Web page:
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Posts tagged with 'robotics'

Jeremie Deray

Disclosure: read the post until the end, a surprise awaits you!

Moving from ROS 1 to ROS 2 can be a little overwhelming.
It is a lot of (new) concepts, tools and a large codebase to get familiar with. And just like many of you, I am getting started with ROS 2.

One of the central pieces of the ROS ecosystem is its Command Line Interface (CLI). It allows for performing all kind of actions; from retrieving information about the codebase and/or the runtime system, to executing code and of course helping debugging in general. It’s a very valuable set of tools that ROS developers use on a daily basis. Fortunately, pretty much all of those tools were ported from ROS 1 to ROS 2.

To those already familiar with ROS, the ROS 2 CLI wording will sound very familiar. Commands such as roslaunch is ported to ros2 launch, rostopic becomes ros2 topic while rosparam is now ros2 param.
Noticed the pattern already ? Yes that’s right ! The keyword ‘ros2‘ has become the unique entry-point for the CLI.

So what ? ROS CLI keywords where broke in two and that’s it ?

Well, yes pretty much.

Every command starts with the ros2 keyword, followed by a verb, a sub-verb and possibly positional/optional arguments. The pattern is then,

$ ros2 verb sub-verb <positional-argument> <optional-arguments>

Notice that throughout the CLI, the auto-completion (the infamous [tab][tab]) is readily available for verbs, sub-verbs and most positional arguments. Similarly, helpers are available at each stage,

$ ros2 verb --help
$ ros2 verb sub-verb -h

Let us see a few examples,

$ ros2 run demo_node_cpp talker
starts the talker cpp node from the demo_nodes_cpp package.

$ ros2 run demo_node_py listener
starts the listener python node from the demo_nodes_py package.

$ ros2 topic echo /chatter
outputs the messages sent from the talker node.

$ ros2 node info /listener
outputs information about the listener node.

$ ros2 param list
lists all parameters of every node.

Fairly similar to ROS 1 right ?

Missing CLI tools

We mentioned earlier that most of the CLI tools were ported to ROS 2, but not all. We believe such missing tools is one of the barriers to greater adoption of ROS 2, so we’ve started added some that we noticed were missing. Over the past week we contributed 5 sub-verbs, including one that is exclusive to ROS 2. Let us briefly review them,

$ ros2 topic find <message-type>
outputs a list of all topics publishing messages of a given type (#271).

$ ros2 topic type <topic-name>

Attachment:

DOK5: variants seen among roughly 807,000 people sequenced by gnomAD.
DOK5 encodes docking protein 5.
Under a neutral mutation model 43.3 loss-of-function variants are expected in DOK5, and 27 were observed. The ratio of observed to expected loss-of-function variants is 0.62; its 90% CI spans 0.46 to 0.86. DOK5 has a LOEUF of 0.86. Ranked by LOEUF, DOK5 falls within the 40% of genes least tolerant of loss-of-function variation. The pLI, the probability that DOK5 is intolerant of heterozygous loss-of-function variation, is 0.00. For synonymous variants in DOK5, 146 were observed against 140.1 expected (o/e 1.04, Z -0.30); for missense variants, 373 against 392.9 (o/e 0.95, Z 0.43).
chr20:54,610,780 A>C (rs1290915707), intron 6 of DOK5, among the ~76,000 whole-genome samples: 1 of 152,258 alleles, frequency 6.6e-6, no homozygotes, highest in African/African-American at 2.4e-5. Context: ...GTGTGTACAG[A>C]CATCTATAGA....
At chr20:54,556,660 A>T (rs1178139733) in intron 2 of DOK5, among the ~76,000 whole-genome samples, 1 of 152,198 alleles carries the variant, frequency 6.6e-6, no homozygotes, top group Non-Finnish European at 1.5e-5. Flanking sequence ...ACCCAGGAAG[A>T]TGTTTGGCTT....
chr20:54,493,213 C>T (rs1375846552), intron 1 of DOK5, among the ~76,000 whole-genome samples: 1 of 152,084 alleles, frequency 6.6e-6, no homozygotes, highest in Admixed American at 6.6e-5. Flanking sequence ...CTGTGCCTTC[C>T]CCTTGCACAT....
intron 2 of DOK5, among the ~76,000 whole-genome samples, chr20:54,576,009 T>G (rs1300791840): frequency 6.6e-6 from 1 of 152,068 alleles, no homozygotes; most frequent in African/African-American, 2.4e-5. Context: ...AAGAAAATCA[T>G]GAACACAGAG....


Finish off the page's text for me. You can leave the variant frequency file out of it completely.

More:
outputs the message type of a given topic (#272).

$ ros2 service find <service-type>
outputs a list of all services of a given type (#273).

$ ros2 service type <service-name>
outputs the service type of a given service (#274).

This tools are pretty handy by themselves, especially to debug and grasp an overview of a running system. And they become even more interesting when combined, say, in handy little scripts,

$ ros2 topic pub /chatter $(ros2 topic type /chatter) "data: Hello ROS 2 Developers"

Have you ever looked for the version of a package you are using ?
Ever wondered who is the package author ?
Or which other packages it depends upon ?
All of this information, locked in the package’s xml manifest is now easily available at the tip of your fingers !

The new sub-verb we introduced allows one to retrieve any information contained in a package xml manifest (#280). The command,

$ ros2 pkg xml <package-name>
outputs the entirety of the xml manifest of a given package.
To retrieve solely a piece of it, or a tag in xml wording, use the --tag option,

$ ros2 pkg xml <package-name> --tag <tag-name>

A few examples are (at the time of writing),

$ ros2 pkg xml demo_nodes_cpp --tag version

$ ros2 pkg xml demo_nodes_py -t author
Mikael Arguedas
Esteve Fernandez

$ ros2 pkg xml intra_process_demo -t build_depend libopencv-dev

This concludes our brief review of the changes that ROS 2 introduced to the CLI tools.

Before leaving, let me offer you a treat.

— A ROS 2 CLI Cheats Sheet that we put together —

Feel free to share it, print and pin it above your screen but also contribute to it as it is hosted on github !


The post ROS 2 Command Line Interface appeared first on Ubuntu Blog.

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Niryo has built a fantastic 6-axis robotic arm called ‘Niryo One’. It is a 3D-printed, affordable robotic arm focused mainly on educational purposes. Additionally, it is fully open source and based on ROS. On the hardware side, it is powered by a Raspberry Pi 3 and NiryoStepper motors, based on Arduino microcontrollers. When we found out all this, guess what we thought? This is a perfect target for Ubuntu Core and snaps!